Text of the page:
How to break down silos, barriers (Toughest HR Question)

Ensure organizational culture, structure fosters collaboration
By Brian Kreissl
|Canadian HR Reporter|Last Updated: 04/24/2012

Question: As an HR professional, how can I go about breaking down organizational barriers and silos among departments and people with different functional and professional backgrounds?

Answer: Working in silos — sometimes even in competition with one another — is an all-too-common problem at many organizations. While some healthy competition can be good, not sharing information, failing to consider the needs of other stakeholders and working at cross-purposes are likely to cause more harm than good.

One of HR’s mandates is to improve organizational effectiveness. This applies not only to organizational development (OD) specialists but HR generalists and specialists in other functional areas of HR.

So, it’s important for HR not to be seen as part of the problem. Yet at some organizations, the HR department is just as guilty as anyone when it comes to creating barriers and silos between it and other parts of the organization.

This can happen when HR is out of touch with the realities experienced by rank-and-file managers and employees — or when HR is seen as bureaucratic, inflexible and lacking knowledge of the workings of the business.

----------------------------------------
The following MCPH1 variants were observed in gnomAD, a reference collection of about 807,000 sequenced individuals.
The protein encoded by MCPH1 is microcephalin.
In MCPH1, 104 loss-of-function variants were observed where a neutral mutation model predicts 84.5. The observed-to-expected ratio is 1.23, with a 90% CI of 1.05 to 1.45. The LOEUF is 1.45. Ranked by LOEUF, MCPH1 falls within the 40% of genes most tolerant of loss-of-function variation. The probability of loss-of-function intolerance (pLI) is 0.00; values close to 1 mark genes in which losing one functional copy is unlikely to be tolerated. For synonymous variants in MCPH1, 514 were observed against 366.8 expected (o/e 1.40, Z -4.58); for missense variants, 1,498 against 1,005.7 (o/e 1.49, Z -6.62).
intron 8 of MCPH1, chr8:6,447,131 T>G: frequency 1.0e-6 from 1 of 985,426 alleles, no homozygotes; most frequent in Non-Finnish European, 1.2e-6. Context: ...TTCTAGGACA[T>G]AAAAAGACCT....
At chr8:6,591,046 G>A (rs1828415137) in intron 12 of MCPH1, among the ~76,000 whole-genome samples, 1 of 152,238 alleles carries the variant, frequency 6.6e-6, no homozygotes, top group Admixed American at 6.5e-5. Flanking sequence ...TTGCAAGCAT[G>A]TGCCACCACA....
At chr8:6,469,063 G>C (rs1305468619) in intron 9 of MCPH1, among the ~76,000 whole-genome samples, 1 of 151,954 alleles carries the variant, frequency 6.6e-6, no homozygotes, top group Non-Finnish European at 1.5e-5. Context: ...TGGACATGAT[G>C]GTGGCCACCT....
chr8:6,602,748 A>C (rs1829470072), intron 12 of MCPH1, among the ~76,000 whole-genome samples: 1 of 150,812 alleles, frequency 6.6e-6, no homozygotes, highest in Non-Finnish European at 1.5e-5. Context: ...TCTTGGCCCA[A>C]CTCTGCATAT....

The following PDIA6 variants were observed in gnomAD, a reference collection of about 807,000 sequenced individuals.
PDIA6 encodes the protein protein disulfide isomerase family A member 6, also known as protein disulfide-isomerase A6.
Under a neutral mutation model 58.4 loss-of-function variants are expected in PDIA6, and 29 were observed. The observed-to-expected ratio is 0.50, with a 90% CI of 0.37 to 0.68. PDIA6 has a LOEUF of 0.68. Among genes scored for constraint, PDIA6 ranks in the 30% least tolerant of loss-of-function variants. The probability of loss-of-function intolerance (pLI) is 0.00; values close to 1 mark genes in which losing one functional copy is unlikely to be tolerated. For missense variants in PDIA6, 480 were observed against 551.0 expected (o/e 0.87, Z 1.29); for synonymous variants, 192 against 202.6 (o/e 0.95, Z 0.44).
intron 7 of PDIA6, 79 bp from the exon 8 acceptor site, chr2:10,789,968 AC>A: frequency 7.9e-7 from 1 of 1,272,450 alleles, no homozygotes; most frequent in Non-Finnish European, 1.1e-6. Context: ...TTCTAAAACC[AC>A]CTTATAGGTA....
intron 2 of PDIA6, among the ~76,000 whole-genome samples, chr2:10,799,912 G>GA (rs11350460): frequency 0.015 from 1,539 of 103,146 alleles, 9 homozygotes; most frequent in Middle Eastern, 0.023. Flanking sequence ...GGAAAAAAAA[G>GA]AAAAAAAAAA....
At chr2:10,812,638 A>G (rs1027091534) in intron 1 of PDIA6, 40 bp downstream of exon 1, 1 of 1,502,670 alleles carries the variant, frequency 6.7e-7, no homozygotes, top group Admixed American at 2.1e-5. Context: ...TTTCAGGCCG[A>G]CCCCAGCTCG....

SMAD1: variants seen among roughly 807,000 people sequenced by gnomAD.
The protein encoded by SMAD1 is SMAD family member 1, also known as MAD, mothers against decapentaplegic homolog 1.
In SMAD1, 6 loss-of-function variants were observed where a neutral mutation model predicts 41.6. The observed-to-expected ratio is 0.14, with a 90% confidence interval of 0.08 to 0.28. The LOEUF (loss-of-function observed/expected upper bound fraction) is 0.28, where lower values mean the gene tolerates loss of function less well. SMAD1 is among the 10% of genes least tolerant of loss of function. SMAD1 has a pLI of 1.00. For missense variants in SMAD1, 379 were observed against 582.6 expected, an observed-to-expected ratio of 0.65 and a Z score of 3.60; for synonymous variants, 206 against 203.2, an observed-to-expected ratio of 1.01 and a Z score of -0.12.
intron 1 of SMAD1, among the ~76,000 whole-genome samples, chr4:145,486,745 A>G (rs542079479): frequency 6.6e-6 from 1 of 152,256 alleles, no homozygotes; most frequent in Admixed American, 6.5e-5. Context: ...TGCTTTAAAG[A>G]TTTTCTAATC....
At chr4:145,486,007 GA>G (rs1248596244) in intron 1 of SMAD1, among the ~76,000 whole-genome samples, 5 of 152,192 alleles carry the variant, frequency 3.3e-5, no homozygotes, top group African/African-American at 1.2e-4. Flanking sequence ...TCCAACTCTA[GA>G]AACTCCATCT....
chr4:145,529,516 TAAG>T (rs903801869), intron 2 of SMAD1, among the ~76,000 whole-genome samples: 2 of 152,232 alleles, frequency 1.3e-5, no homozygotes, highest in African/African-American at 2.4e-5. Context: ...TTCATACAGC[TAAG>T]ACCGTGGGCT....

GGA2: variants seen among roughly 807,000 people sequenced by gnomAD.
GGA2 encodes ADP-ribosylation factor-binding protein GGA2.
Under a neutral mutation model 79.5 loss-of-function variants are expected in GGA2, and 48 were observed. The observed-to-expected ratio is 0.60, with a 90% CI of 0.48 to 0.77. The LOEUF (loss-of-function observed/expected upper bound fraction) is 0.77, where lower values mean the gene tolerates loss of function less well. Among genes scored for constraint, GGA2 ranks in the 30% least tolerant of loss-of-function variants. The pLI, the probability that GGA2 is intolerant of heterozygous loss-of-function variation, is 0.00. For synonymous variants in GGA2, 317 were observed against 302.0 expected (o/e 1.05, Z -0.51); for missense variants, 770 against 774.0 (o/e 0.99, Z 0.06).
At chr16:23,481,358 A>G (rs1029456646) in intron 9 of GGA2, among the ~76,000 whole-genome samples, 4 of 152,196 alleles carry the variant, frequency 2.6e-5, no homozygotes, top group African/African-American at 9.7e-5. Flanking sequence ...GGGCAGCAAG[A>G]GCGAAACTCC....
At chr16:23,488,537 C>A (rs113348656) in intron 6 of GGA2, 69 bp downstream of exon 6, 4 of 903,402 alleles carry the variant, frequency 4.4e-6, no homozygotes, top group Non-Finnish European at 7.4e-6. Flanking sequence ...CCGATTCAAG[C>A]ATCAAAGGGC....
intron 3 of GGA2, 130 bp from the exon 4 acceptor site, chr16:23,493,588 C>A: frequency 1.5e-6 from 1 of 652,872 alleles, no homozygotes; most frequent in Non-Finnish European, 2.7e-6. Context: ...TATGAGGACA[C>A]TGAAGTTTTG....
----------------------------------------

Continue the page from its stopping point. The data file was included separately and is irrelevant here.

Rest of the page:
So, promoting organizational excellence should start with HR and then move to other areas of the organization.

Below are some of the potential causes of this type of organizational dysfunction and suggestions for improvement.

Organizational culture

An organizational culture that encourages excessive competition among departments can lead to dysfunction. This is sometimes even reinforced by the way employees are compensated and incented, and the types of behaviours that are encouraged and rewarded by senior management, implicitly or explicitly.

Excessive competition can also be driven by a lack of understanding of the budgeting process and the organization’s overall financial health. While it’s a good idea to make each department accountable for its own internal budget, when they act like independent businesses by hoarding funds internally and trying to make large “profits” vis-a-vis other departments, it’s easy to forget about the organization’s overall financial health.

Organizational design and structure

The way an organization is designed and structured can also have an impact on the degree of collaboration and information-sharing among departments. Organizations can be organized by function, product, customer or vertical market, or geography, or they may be set up as matrix organizations.

While organizational design can effectively leverage the knowledge of experts, it can also cause employees to be too narrowly focused on their own area of expertise.

Similarly, while organizing based on product, customer or vertical market, or along geographic lines allows specialization with regard to a product or customer, it can create internal competition and lead to ineffective communication among different teams or departments.